Asian Stocks Rise as Hong Kong Shares Climb, Bank Concerns Ease

  • Hang Seng Index jumps as casino shares rally on Macau data
  • Markets in China, Malaysia, Korea shut for holidays on Monday

Asian stocks rose, with the regional benchmark index rebounding from a one week low, as worries over the health of European banks eased and casinos led a rally in Hong Kong shares.

The MSCI Asia Pacific Index gained 0.7 percent to 140.68 as of 4:11 p.m. in Hong Kong. Japan’s Topix index rose 0.6 percent as the yen traded at 101.41 against the U.S. dollar, weakening for a fifth straight session. Relief swept over equity markets on Friday as Agence France-Presse reported Deutsche Bank AG is near a $5.4 billion deal with the U.S. Department of Justice, less than half the initial amount requested to settle a probe related to bad mortgages.

“We’re seeing a relief rally after AFP reported that the Deutsche settlement could be lower,” Hans Goetti, the Dubai-based chief strategist for the Middle East and Asia at Banque Internationale à Luxembourg, which manages $40 billion, said by phone. “I’m not so sure whether we’re out of the woods on that but then the worst-case scenario is for the German government to take a stake in the bank. There’s no way the bank will go under.”

Hong Kong’s Hang Seng Index rose 1.2 percent as better-than-expected Macau gambling numbers lifted casino operators. In other data, China’s official factory gauge stayed at the highest level in almost two years for a second month and services increased, the National Bureau of Statistics said on Oct. 1. in Hong Kong, the latest evidence of continued economic stabilization.

Regional Gauges

Taiwan’s Taiex climbed 0.7 percent. New Zealand’s S&P/NZX 50 Index added 0.2 percent, erasing losses of as much as 0.4 percent. The Jakarta Composite Index jumped 1.7 percent, trading near the highest level since April 2015, while India’s S&P BSE Sensex index advanced 1.2 percent. The Philippine Stock Exchange Index added 0.6 percent, and Thailand’s SET Index gained 0.5 percent. Singapore’s Straits Times Index increased 0.1 percent.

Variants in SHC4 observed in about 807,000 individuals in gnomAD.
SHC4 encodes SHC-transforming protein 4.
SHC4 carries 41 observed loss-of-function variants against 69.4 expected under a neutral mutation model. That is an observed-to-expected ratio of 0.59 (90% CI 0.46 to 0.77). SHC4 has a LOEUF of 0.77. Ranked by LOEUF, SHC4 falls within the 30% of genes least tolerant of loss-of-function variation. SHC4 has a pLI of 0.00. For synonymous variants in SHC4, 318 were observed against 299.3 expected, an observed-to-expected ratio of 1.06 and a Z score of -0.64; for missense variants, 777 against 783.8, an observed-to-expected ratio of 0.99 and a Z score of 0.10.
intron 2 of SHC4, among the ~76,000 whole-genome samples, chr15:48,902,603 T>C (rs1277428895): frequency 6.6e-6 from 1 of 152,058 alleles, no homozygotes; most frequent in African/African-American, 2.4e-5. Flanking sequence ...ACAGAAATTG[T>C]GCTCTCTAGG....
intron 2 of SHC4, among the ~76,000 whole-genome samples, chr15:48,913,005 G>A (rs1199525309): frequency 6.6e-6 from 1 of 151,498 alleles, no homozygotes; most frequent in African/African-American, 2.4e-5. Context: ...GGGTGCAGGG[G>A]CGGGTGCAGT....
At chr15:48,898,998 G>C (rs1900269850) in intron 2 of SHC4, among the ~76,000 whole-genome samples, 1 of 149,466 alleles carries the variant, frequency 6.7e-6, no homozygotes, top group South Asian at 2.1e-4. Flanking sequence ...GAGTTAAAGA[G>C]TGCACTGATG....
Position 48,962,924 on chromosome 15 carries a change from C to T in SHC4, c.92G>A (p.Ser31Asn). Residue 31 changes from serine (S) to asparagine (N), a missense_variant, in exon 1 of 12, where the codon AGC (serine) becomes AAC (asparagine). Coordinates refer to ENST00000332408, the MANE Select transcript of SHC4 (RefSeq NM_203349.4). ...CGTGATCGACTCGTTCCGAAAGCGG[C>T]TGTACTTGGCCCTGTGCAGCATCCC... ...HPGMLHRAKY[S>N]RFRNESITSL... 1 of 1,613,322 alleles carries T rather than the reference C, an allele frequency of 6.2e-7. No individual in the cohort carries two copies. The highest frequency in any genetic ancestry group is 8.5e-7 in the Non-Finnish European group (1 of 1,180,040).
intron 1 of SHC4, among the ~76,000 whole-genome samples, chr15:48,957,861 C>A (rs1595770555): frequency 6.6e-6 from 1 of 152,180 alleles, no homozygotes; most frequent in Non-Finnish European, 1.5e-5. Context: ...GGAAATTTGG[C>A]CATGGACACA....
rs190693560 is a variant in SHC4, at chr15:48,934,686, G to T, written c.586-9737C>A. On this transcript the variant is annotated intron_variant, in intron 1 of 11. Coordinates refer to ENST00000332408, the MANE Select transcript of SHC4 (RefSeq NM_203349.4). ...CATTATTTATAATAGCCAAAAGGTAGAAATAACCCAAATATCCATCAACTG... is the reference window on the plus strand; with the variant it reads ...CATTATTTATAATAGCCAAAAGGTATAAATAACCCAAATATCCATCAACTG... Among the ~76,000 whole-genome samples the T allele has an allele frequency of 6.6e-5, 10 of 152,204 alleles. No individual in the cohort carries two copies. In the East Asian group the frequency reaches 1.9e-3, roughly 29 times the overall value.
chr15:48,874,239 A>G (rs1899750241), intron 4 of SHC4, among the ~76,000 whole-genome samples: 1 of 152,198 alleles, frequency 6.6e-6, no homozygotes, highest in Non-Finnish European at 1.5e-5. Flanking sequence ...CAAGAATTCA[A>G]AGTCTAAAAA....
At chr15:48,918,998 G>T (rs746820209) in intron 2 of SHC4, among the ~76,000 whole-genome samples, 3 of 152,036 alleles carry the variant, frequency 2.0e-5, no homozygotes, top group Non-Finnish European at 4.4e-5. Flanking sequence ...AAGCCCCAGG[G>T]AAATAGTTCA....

Markets in Malaysia and South Korea are shut for holidays on Monday, while those in China are closed for the entire week. Australia was open but there was no settlement because of a holiday in some states.

Japan’s quarterly Tankan gauge of business sentiment showed large manufacturers remained more downbeat than expected about business conditions over the past quarter, likely making it more challenging for the central bank to stoke inflation and revitalize the economy.

‘Far from Over’

Concerns about Deutsche Bank’s potential impact on the global economy as it struggles with tougher capital standards and soaring legal bills have buffeted markets. The bank was dealt a fresh blow on Saturday when an Italian court charged the company, an employee and five former executives for colluding with Banca Monte dei Paschi di Siena SpA to falsify the Italian lender’s accounts in 2008. The lender is also poised to reach an agreement with labor representatives this week to cut about 1,000 jobs, people with knowledge of the matter told Bloomberg News.

“Concern about Deutsche Bank is far from over,” Nicholas Teo, a strategist at KGI Fraser Securities in Singapore, said by phone. “Systemic risk is a real possibility with the derivatives exposure that plagues Deutsche.”

Galaxy Entertainment Group Ltd. climbed 2.9 percent in Hong Kong, pacing gains among casino operators, as Macau gambling revenue increased for a second month in September following an over two-year slump. AU Optronics Corp. jumped 5.7 percent in Taipei after a report the supplier of screens to Apple Inc. is seeing increased orders. Keppel Corp. fell 2 percent in Singapore after the world’s biggest oil-rig builder acknowledged certain transactions linked to its former third-party commercial representative in Brazil may be suspicious.

Futures on the S&P 500 Index were little changed. The underlying U.S. equity benchmark measure gained 0.8 percent on Friday, with the Dow Jones Industrial Average rising more than 160 points.

— With assistance by Emma O'Brien

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